Very few people have had the kind of impact on their community that Ken Finnerty had. Perhaps only the father and son combination of Charles and G. Howard Ferguson can be said to have served their friends and neighbours over such a long period of time. With Ken’s death on January 14, it is no cliché to say that an era came to an end.
The Finnerty family played a prominent role in the political and economic life of this community for more than sixty years. Ken’s father, William Harold Finnerty, was an auctioneer, beginning in the business in the early 1940’s. What is now the Clothier Inn in Kemptville was for a long time known as the Finnerty Block, and was the centre of W.H. Finnerty’s business activity.But, years after his father had sold the auctioneering business, Ken was encouraged to run one or two small-scale auctions in Kemptville, and everything grew from there. It was obviously in the blood of the Finnerty’s. But not everyone is as successful in that business as Ken and wife Dianna were. Working together over these decades, they took care to always maintain a strong work ethic, and equally firm ethical standards in their dealings with the public.
But, aside from the family business, Ken served in the political sphere also, for a combined twenty-two years, both on the Kemptville Town Council, and later that of North Grenville. He was Reeve of Kemptville and Deputy Mayor of North Grenville. In 1995, he was Warden of the United Counties of Leeds and Grenville.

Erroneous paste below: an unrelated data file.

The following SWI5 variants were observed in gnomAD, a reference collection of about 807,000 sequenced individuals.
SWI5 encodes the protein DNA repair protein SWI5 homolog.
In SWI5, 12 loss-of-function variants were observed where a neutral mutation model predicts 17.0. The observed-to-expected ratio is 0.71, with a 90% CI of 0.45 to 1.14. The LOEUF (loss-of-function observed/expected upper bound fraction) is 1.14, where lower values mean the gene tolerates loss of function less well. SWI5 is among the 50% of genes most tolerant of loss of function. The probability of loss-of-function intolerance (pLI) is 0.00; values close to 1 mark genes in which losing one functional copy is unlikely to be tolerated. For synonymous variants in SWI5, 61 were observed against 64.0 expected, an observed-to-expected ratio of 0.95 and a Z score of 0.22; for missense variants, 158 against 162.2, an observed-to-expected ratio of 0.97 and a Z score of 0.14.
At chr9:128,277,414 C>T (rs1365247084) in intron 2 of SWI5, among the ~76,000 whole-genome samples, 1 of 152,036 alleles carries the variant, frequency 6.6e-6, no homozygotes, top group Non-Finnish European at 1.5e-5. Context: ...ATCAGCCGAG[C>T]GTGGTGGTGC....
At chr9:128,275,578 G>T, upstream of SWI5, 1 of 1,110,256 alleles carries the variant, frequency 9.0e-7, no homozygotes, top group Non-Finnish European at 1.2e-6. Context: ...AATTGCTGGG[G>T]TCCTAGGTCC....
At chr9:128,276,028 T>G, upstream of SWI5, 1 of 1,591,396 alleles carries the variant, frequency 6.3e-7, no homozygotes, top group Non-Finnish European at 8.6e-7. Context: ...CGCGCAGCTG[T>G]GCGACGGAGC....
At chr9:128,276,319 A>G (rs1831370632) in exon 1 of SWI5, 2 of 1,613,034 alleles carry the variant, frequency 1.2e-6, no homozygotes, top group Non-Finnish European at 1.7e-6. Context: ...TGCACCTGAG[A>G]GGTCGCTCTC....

As with his business, Ken carried on a tradition of service that started with his father, W. H. Finnerty, who was Reeve of Kemptville for seven years, and Warden of the United Counties in 1954. That’s quite a record of service for one family. Finnerty senior was largely responsible for providing Kemptville with its water system for every home, replacing the old pumps. Ken was there when the pipes were laid, and for decades afterwards was the man to go to when municipal workers needed to find those pipes for repairs. He was often the only one who knew where they were!
Ken’s deep and lasting legacy to this community is known to many of his friends and neighbours, and Mayor Peckford pays tribute to it elsewhere in this issue. His friends knew him as a good and honest man, fun to be with, serious about his work and his political life. The Kemptville Snowmobile Klub was one of the community groups grateful to Ken for his interest and support.
People often wondered why Ken stayed involved on Council for so many years: the answer may simply be that it was part of his makeup, a duty he saw and lived for his community. A record of service that will live as the legacy of a man, of whom, as the saying goes, we shall not see his like again.